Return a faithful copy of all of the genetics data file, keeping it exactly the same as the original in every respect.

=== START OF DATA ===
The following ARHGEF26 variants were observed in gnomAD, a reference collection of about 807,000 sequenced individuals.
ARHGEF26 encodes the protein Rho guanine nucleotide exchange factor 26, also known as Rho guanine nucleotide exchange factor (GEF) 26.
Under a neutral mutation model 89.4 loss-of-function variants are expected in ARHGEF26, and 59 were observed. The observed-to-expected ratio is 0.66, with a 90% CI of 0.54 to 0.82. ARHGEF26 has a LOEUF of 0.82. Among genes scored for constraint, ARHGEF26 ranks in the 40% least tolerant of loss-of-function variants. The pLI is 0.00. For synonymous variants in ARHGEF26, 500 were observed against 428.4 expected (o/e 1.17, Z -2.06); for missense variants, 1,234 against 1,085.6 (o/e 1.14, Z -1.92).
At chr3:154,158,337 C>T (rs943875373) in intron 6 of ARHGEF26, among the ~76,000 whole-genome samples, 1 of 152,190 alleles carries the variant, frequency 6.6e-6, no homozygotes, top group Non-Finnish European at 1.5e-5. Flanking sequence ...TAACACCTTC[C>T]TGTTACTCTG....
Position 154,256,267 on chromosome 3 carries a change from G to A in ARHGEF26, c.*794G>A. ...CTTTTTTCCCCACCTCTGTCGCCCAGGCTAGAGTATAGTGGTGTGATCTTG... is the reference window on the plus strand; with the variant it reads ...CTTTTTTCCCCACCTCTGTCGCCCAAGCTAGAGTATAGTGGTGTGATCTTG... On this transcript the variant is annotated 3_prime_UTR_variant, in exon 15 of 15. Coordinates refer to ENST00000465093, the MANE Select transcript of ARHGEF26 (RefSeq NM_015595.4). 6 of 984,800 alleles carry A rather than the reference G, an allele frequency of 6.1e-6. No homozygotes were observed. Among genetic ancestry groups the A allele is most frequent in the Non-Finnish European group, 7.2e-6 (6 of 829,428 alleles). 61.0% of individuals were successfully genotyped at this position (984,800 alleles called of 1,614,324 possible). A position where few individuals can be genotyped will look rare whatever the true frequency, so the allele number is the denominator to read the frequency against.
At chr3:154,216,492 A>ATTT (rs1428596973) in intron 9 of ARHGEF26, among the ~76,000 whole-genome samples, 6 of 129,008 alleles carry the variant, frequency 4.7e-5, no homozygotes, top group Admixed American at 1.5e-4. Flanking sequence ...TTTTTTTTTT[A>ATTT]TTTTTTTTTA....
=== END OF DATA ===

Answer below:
The following ARHGEF26 variants were observed in gnomAD, a reference collection of about 807,000 sequenced individuals.
ARHGEF26 encodes the protein Rho guanine nucleotide exchange factor 26, also known as Rho guanine nucleotide exchange factor (GEF) 26.
Under a neutral mutation model 89.4 loss-of-function variants are expected in ARHGEF26, and 59 were observed. The observed-to-expected ratio is 0.66, with a 90% CI of 0.54 to 0.82. ARHGEF26 has a LOEUF of 0.82. Among genes scored for constraint, ARHGEF26 ranks in the 40% least tolerant of loss-of-function variants. The pLI is 0.00. For synonymous variants in ARHGEF26, 500 were observed against 428.4 expected (o/e 1.17, Z -2.06); for missense variants, 1,234 against 1,085.6 (o/e 1.14, Z -1.92).
At chr3:154,158,337 C>T (rs943875373) in intron 6 of ARHGEF26, among the ~76,000 whole-genome samples, 1 of 152,190 alleles carries the variant, frequency 6.6e-6, no homozygotes, top group Non-Finnish European at 1.5e-5. Flanking sequence ...TAACACCTTC[C>T]TGTTACTCTG....
Position 154,256,267 on chromosome 3 carries a change from G to A in ARHGEF26, c.*794G>A. ...CTTTTTTCCCCACCTCTGTCGCCCAGGCTAGAGTATAGTGGTGTGATCTTG... is the reference window on the plus strand; with the variant it reads ...CTTTTTTCCCCACCTCTGTCGCCCAAGCTAGAGTATAGTGGTGTGATCTTG... On this transcript the variant is annotated 3_prime_UTR_variant, in exon 15 of 15. Coordinates refer to ENST00000465093, the MANE Select transcript of ARHGEF26 (RefSeq NM_015595.4). 6 of 984,800 alleles carry A rather than the reference G, an allele frequency of 6.1e-6. No homozygotes were observed. Among genetic ancestry groups the A allele is most frequent in the Non-Finnish European group, 7.2e-6 (6 of 829,428 alleles). 61.0% of individuals were successfully genotyped at this position (984,800 alleles called of 1,614,324 possible). A position where few individuals can be genotyped will look rare whatever the true frequency, so the allele number is the denominator to read the frequency against.
At chr3:154,216,492 A>ATTT (rs1428596973) in intron 9 of ARHGEF26, among the ~76,000 whole-genome samples, 6 of 129,008 alleles carry the variant, frequency 4.7e-5, no homozygotes, top group Admixed American at 1.5e-4. Flanking sequence ...TTTTTTTTTT[A>ATTT]TTTTTTTTTA....